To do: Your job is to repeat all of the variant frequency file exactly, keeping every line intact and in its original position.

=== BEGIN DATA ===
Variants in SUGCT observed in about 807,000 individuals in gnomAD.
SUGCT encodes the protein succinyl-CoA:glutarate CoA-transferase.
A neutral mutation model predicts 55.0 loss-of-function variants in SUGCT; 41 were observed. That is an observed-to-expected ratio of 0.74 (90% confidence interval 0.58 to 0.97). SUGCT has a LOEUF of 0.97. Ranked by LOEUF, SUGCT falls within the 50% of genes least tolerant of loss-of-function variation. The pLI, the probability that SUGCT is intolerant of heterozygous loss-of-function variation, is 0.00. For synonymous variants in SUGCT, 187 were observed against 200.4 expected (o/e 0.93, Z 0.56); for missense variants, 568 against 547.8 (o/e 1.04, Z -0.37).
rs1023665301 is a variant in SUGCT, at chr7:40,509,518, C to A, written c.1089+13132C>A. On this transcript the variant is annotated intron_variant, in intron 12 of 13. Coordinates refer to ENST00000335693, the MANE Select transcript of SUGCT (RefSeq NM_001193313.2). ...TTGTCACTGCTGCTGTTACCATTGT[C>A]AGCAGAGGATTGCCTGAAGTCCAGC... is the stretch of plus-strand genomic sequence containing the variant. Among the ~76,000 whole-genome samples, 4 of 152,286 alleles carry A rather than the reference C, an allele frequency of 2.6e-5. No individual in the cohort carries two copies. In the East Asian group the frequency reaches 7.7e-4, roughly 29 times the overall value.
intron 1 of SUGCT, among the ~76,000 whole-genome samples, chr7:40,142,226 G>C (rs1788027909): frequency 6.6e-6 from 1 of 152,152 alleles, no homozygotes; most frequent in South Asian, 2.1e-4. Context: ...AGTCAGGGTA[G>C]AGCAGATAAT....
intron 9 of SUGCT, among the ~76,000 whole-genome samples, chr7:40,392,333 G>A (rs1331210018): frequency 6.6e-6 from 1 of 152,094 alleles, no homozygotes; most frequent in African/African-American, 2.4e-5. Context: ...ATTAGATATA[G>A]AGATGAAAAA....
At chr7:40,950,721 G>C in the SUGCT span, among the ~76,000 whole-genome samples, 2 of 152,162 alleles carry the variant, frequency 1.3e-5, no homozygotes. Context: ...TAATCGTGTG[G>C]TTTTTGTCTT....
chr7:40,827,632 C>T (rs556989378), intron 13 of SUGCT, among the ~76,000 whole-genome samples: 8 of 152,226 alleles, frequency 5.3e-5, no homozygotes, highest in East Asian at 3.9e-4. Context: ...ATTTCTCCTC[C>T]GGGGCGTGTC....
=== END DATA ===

Variants in SUGCT observed in about 807,000 individuals in gnomAD.
SUGCT encodes the protein succinyl-CoA:glutarate CoA-transferase.
A neutral mutation model predicts 55.0 loss-of-function variants in SUGCT; 41 were observed. That is an observed-to-expected ratio of 0.74 (90% confidence interval 0.58 to 0.97). SUGCT has a LOEUF of 0.97. Ranked by LOEUF, SUGCT falls within the 50% of genes least tolerant of loss-of-function variation. The pLI, the probability that SUGCT is intolerant of heterozygous loss-of-function variation, is 0.00. For synonymous variants in SUGCT, 187 were observed against 200.4 expected (o/e 0.93, Z 0.56); for missense variants, 568 against 547.8 (o/e 1.04, Z -0.37).
rs1023665301 is a variant in SUGCT, at chr7:40,509,518, C to A, written c.1089+13132C>A. On this transcript the variant is annotated intron_variant, in intron 12 of 13. Coordinates refer to ENST00000335693, the MANE Select transcript of SUGCT (RefSeq NM_001193313.2). ...TTGTCACTGCTGCTGTTACCATTGT[C>A]AGCAGAGGATTGCCTGAAGTCCAGC... is the stretch of plus-strand genomic sequence containing the variant. Among the ~76,000 whole-genome samples, 4 of 152,286 alleles carry A rather than the reference C, an allele frequency of 2.6e-5. No individual in the cohort carries two copies. In the East Asian group the frequency reaches 7.7e-4, roughly 29 times the overall value.
intron 1 of SUGCT, among the ~76,000 whole-genome samples, chr7:40,142,226 G>C (rs1788027909): frequency 6.6e-6 from 1 of 152,152 alleles, no homozygotes; most frequent in South Asian, 2.1e-4. Context: ...AGTCAGGGTA[G>C]AGCAGATAAT....
intron 9 of SUGCT, among the ~76,000 whole-genome samples, chr7:40,392,333 G>A (rs1331210018): frequency 6.6e-6 from 1 of 152,094 alleles, no homozygotes; most frequent in African/African-American, 2.4e-5. Context: ...ATTAGATATA[G>A]AGATGAAAAA....
At chr7:40,950,721 G>C in the SUGCT span, among the ~76,000 whole-genome samples, 2 of 152,162 alleles carry the variant, frequency 1.3e-5, no homozygotes. Context: ...TAATCGTGTG[G>C]TTTTTGTCTT....
chr7:40,827,632 C>T (rs556989378), intron 13 of SUGCT, among the ~76,000 whole-genome samples: 8 of 152,226 alleles, frequency 5.3e-5, no homozygotes, highest in East Asian at 3.9e-4. Context: ...ATTTCTCCTC[C>T]GGGGCGTGTC....